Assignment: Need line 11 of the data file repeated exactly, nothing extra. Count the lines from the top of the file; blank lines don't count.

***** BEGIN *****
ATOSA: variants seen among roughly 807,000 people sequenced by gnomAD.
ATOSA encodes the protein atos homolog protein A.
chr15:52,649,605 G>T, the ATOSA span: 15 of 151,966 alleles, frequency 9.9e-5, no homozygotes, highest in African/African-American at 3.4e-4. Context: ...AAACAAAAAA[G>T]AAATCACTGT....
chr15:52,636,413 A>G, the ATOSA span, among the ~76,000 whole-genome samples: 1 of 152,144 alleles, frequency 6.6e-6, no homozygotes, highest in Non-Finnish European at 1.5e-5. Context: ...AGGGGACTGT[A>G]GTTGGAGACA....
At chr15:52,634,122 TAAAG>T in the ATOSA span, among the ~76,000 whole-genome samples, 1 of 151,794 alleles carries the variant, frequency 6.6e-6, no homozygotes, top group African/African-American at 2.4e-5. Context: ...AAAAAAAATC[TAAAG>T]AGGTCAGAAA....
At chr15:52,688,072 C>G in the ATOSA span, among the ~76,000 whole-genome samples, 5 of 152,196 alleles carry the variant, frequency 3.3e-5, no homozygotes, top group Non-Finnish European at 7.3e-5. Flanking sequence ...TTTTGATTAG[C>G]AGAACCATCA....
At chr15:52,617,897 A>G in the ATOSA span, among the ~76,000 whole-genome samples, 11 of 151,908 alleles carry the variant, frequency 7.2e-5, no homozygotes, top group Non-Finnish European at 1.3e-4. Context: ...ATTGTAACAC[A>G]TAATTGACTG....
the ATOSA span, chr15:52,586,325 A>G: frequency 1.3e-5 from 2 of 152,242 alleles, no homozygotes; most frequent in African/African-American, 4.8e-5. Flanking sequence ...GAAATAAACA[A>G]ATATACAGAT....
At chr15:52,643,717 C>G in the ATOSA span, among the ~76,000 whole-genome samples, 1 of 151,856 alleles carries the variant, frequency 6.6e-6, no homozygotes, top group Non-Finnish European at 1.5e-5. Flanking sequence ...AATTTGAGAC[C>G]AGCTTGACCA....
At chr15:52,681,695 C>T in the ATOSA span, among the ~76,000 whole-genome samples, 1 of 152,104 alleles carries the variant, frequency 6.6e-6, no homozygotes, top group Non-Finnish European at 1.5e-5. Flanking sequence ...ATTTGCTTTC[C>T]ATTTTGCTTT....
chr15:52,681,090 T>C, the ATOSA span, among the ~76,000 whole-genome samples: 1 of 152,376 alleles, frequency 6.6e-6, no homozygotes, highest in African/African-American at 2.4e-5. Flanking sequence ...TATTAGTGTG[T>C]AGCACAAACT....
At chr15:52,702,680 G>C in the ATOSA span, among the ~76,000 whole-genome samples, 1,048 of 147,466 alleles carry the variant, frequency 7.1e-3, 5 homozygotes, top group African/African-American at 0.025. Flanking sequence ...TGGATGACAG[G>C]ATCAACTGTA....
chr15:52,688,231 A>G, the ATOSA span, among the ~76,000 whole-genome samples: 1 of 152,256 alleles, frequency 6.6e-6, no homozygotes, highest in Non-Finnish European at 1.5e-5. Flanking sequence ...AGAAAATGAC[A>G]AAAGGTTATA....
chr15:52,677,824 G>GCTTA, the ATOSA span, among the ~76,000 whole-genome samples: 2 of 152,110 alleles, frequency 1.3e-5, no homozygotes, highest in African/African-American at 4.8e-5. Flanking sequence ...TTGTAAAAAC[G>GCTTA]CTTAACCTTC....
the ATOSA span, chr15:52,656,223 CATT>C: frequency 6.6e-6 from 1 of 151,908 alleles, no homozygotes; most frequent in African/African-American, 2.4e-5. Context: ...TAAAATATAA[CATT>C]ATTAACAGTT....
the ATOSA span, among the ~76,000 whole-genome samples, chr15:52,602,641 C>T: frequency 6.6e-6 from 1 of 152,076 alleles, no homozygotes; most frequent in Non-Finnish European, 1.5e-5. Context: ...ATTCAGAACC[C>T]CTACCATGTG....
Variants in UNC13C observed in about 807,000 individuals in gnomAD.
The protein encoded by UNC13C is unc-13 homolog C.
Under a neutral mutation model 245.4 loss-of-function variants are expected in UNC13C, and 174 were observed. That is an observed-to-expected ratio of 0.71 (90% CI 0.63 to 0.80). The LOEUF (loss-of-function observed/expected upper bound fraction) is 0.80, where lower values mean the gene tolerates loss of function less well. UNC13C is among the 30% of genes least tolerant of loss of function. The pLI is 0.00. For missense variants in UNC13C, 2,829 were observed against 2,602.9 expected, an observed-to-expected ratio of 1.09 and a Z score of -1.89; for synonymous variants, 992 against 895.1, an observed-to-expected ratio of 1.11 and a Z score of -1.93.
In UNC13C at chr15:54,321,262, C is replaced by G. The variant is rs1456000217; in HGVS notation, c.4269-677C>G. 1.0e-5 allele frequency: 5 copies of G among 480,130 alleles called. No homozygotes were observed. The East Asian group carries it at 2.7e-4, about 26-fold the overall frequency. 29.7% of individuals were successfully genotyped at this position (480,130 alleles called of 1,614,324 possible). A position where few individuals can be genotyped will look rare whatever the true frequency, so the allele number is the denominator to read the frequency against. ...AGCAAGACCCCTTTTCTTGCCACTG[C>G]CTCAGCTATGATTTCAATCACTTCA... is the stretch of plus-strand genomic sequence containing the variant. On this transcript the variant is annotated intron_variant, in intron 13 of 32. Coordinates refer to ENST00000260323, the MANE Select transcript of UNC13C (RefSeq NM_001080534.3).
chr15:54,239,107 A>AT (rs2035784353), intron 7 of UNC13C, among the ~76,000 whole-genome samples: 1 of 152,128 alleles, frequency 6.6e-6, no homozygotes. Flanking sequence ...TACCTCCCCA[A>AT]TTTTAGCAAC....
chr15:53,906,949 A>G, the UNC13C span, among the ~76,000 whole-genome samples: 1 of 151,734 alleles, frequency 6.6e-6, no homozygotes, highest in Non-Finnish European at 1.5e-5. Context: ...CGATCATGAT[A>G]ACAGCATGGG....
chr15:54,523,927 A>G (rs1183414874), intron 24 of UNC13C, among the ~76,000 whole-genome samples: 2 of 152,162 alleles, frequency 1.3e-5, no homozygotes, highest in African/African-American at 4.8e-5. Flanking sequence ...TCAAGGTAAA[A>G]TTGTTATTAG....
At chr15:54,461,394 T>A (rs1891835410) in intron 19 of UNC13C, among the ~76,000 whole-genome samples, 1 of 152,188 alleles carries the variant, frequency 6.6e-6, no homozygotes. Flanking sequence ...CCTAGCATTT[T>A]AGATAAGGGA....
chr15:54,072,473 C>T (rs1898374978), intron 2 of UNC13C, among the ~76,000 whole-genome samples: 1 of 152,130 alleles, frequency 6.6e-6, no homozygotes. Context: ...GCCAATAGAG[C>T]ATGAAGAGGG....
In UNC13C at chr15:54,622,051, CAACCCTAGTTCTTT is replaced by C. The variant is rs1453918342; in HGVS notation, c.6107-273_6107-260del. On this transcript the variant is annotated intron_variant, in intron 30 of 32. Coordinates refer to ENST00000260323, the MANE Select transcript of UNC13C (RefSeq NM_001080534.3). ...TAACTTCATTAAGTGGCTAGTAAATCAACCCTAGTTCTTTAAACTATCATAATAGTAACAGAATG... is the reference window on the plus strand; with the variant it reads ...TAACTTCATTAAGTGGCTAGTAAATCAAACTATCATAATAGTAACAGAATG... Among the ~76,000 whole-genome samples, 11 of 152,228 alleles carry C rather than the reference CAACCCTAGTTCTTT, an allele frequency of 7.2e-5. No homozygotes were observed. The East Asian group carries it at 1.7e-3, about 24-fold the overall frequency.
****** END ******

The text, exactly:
chr15:52,681,090 T>C, the ATOSA span, among the ~76,000 whole-genome samples: 1 of 152,376 alleles, frequency 6.6e-6, no homozygotes, highest in African/African-American at 2.4e-5. Flanking sequence ...TATTAGTGTG[T>C]AGCACAAACT....